Having a Jaguar in a garage was always a sign of style and commitment to British traditions. However, Mk VII was created primarily with the American market in mind. After the presentation in New York, it made a splash, and the company received orders for more than $ 30 million.
The iconic Jaguar Mark V was introduced in 1948 with the XK120. It lasted three years on the market and was succeeded by the no less outstanding and high-end Mark VII. Interestingly, the Mark VI index was missed because the Bentley company had already produced a model under such an index. This car was created for promotional purposes in the United States and was quite large compared to European vehicles. A few months later after the release, it was introduced in New York confirming the success of the company: during the month on the exhibition stand, Jaguar received orders for more than $ 30 million. It was a resounding success!
In the 50s, the Browns Lane plant, owned by Jaguar, deservedly became one of the most promising and prominent in the UK. At this time, many automakers began to move from manufacturing frame vehicles to more modern analogs with a load-bearing body (unitary method). This design opened up a variety of new opportunities that the company’s chief designer William Haynes approved. In his opinion, this could become a springboard for the implementation of complex design solutions, and allow the production of faster and lighter cars. So he convinced the company’s founder William Lyons to invest in this idea. Sure, the production of vehicles with this new approach was more expensive. But technological improvement was more important. So the decision was made, and the all-new automobile with a small displacement engine, a new lightweight chassis, and a bodywork design appeared. The project was named “Utah”, which, in fact, was the heir to the 2.5-liter engine Jaguar Mk IV, discontinued in 1949. The model was announced on October 22, 1950, at the Earl’s Court Motor Show. The Jaguar Mk VII was available in classic Saloon style bodywork, although a couple of Drophead Coupe body styles were made. With the advertising slogan “Grace Space Pace”, the Mk VII became a worldwide success and especially in the USA. The power, comfort, and silent drive, sophisticated genuine leather upholstery, a front panel with wood trim, and upholstered inside doors were astonishing to the buyers.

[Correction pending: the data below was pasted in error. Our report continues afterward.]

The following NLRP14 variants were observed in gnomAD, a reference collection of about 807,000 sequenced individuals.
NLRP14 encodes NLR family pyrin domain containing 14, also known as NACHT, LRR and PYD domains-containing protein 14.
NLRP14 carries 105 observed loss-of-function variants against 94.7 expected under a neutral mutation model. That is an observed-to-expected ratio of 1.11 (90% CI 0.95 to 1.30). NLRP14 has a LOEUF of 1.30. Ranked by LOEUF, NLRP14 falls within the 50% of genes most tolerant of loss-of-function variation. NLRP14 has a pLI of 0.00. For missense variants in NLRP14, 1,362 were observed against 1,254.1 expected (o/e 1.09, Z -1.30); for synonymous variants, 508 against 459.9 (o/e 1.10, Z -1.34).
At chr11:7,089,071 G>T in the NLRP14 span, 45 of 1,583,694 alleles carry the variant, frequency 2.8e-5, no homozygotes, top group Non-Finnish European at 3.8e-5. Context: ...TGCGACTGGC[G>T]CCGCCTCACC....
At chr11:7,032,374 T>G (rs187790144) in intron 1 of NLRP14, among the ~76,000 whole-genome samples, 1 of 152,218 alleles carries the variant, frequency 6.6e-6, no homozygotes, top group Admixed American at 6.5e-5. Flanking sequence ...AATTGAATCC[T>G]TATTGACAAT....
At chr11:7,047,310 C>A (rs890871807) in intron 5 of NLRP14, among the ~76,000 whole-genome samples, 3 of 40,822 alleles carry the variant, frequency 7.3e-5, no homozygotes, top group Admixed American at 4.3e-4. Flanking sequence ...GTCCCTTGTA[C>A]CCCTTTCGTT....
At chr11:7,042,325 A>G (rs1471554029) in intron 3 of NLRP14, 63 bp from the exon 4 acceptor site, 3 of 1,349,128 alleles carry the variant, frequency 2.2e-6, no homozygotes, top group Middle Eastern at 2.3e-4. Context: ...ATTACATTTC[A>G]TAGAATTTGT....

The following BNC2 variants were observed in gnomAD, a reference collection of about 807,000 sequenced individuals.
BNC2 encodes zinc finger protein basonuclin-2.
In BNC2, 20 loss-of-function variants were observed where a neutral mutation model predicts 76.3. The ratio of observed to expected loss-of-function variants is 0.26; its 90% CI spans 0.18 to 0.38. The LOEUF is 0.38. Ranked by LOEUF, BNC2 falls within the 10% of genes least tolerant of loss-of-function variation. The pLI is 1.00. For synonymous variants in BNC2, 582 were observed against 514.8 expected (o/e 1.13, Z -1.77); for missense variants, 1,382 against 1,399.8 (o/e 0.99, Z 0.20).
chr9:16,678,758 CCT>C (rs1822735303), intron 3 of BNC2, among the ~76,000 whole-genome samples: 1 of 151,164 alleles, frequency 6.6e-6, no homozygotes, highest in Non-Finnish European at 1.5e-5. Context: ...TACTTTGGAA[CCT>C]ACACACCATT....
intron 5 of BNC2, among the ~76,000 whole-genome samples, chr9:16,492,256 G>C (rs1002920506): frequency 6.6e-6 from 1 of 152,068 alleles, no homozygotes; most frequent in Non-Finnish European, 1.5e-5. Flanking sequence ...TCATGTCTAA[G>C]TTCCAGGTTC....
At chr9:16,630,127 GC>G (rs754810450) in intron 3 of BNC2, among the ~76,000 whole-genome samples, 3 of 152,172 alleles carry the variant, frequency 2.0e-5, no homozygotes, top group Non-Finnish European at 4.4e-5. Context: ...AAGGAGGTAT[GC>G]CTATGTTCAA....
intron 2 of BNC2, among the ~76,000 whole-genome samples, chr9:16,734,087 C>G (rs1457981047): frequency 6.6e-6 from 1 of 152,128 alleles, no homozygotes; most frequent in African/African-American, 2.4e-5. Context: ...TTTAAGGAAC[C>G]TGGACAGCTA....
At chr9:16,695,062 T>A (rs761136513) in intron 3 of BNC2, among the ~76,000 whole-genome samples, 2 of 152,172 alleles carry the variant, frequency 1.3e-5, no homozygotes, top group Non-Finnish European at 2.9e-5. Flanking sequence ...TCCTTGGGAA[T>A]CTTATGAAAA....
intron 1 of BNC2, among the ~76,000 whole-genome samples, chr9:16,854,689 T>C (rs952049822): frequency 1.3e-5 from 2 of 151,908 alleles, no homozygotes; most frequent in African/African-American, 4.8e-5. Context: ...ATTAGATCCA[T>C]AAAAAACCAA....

In 1950 the Jaguar Mark V was replaced by the more modern Mark VII. In 1952, the model was practically unchanged: it received a body with integrated fenders and headlights, XK120-style embossed sidewalls, a one-piece hood, and a two-piece windshield. The chassis with a 120-wheelbase remained unchanged. The automobile had a 6-cylinder DOHC engine from the Jaguar XK120 and a power of 160 HP. This stylish vehicle could develop a maximum speed of 160 km/h and was available only in a sedan body. For export, particularly, for the US market, the company offered Borg Warner automatic transmission. Despite high taxes, it sold well in the British market as well: in total, from 1951 to 1954 20,908 vehicles were built at the Browns Lane plant in Coventry. At first sight, the 1952 Mark VII looked heavy and clumsy, however, it had good racing potential. From 1952-1956 the vehicle participated in the touring races at Silverstone and won three first places during the mentioned period. Famous racers Stirling Moss, Tony Rolt, Mike Hawthorne, and Ivor Bube drove this incredible automobile in various racing competitions.
The late Queen Elizabeth II owned Mk VII until 1973. Later it was returned to the factory and exhibited in Jaguar Heritage Trust Museum. The car was slightly different from the standard automobile, as some elements of later Mk VIII/ X models were added to it during its exploitation. Particularly, a one-piece windshield, as the original model had two parts.
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